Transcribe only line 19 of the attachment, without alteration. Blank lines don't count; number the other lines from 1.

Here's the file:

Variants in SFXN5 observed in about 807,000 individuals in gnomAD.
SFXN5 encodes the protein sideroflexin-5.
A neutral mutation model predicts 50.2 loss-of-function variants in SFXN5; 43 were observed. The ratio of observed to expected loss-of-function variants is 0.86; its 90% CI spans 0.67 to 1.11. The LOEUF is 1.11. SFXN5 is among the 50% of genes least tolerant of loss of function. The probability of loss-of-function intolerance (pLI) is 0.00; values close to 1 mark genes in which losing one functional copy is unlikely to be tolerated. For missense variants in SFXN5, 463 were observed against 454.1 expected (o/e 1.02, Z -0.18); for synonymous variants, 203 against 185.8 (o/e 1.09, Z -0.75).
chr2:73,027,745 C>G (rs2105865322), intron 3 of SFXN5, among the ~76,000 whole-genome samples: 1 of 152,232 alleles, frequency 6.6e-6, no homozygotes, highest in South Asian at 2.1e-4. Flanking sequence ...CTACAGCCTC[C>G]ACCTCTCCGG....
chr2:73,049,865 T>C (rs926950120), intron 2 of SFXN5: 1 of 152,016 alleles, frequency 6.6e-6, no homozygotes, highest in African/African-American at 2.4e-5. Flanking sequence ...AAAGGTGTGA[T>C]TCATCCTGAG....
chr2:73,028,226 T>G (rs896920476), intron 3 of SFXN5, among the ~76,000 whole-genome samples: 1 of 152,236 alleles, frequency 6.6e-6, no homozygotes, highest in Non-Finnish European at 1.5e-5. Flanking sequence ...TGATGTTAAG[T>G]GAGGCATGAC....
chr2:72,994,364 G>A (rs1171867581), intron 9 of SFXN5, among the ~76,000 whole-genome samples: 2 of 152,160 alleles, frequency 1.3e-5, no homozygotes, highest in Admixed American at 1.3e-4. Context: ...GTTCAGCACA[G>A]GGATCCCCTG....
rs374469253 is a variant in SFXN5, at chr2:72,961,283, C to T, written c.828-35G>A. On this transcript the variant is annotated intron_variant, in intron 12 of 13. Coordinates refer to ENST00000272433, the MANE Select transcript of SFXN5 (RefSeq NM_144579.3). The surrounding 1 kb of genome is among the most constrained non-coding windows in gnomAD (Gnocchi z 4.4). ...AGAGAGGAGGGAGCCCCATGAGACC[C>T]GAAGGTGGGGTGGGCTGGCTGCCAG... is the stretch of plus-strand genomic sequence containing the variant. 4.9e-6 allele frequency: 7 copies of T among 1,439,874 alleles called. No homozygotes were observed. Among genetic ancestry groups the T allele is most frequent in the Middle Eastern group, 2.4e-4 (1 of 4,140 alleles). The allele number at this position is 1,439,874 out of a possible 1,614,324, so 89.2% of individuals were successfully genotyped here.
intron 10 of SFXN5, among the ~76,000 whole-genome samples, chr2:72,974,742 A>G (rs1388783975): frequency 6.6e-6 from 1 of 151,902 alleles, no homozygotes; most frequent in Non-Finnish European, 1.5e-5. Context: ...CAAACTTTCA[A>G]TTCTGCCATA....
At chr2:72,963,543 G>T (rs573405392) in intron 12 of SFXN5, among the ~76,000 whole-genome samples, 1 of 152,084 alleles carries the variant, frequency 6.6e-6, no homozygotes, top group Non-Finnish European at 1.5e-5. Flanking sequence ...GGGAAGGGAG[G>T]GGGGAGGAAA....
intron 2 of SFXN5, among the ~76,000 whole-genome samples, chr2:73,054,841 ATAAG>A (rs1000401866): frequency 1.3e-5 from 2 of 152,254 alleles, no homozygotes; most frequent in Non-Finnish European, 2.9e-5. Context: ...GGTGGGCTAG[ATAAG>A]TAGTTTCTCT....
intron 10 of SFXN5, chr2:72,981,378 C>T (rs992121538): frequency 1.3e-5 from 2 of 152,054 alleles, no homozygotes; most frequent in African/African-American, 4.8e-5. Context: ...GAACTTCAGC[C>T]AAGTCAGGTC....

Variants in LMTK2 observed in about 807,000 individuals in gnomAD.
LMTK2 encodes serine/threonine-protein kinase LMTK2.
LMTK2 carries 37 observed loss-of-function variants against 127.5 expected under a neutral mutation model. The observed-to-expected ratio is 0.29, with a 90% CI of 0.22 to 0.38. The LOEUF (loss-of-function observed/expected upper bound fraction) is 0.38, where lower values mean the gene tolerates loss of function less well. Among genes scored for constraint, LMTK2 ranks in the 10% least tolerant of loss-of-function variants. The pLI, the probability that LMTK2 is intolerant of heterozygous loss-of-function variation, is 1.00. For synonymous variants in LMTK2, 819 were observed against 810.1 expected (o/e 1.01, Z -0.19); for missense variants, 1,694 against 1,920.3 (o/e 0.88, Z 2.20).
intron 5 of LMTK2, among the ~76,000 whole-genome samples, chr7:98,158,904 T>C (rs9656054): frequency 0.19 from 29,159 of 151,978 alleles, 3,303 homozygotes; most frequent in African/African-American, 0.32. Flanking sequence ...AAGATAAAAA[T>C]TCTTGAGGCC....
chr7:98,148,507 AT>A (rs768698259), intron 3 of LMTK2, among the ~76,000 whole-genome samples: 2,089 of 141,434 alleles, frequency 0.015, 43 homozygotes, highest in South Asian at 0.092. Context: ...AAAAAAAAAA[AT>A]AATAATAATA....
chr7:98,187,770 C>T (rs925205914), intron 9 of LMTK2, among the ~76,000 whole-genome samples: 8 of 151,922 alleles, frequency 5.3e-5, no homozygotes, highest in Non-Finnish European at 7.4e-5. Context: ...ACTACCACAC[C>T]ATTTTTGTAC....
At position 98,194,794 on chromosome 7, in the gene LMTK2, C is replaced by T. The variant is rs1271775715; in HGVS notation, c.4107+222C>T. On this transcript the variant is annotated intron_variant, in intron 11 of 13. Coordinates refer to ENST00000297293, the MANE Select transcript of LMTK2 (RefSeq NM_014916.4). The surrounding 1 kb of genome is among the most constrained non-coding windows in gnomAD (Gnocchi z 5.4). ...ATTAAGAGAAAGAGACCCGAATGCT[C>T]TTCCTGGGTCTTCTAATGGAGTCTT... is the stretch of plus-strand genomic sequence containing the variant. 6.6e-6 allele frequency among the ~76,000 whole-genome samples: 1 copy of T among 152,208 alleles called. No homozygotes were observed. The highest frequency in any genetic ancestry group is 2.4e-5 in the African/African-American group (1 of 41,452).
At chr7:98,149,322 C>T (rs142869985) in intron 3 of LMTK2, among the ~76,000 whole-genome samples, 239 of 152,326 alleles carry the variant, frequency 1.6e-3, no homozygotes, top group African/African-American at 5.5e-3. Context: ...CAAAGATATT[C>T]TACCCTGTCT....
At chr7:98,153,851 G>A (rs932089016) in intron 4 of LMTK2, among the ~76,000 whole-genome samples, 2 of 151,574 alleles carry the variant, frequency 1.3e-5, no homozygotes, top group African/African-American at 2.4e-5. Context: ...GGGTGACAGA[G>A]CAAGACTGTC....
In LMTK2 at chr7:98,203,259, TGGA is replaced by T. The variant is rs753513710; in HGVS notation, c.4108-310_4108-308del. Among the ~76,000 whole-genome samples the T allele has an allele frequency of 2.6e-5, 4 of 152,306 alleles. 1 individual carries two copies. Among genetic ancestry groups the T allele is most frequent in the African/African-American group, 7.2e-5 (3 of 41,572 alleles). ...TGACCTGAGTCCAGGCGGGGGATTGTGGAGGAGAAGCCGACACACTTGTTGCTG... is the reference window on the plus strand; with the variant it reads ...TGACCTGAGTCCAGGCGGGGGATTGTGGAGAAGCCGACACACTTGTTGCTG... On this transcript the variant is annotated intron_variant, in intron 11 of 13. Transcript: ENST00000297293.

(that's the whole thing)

At position 98,194,794 on chromosome 7, in the gene LMTK2, C is replaced by T. The variant is rs1271775715; in HGVS notation, c.4107+222C>T. On this transcript the variant is annotated intron_variant, in intron 11 of 13. Coordinates refer to ENST00000297293, the MANE Select transcript of LMTK2 (RefSeq NM_014916.4). The surrounding 1 kb of genome is among the most constrained non-coding windows in gnomAD (Gnocchi z 5.4). ...ATTAAGAGAAAGAGACCCGAATGCT[C>T]TTCCTGGGTCTTCTAATGGAGTCTT... is the stretch of plus-strand genomic sequence containing the variant. 6.6e-6 allele frequency among the ~76,000 whole-genome samples: 1 copy of T among 152,208 alleles called. No homozygotes were observed. The highest frequency in any genetic ancestry group is 2.4e-5 in the African/African-American group (1 of 41,452).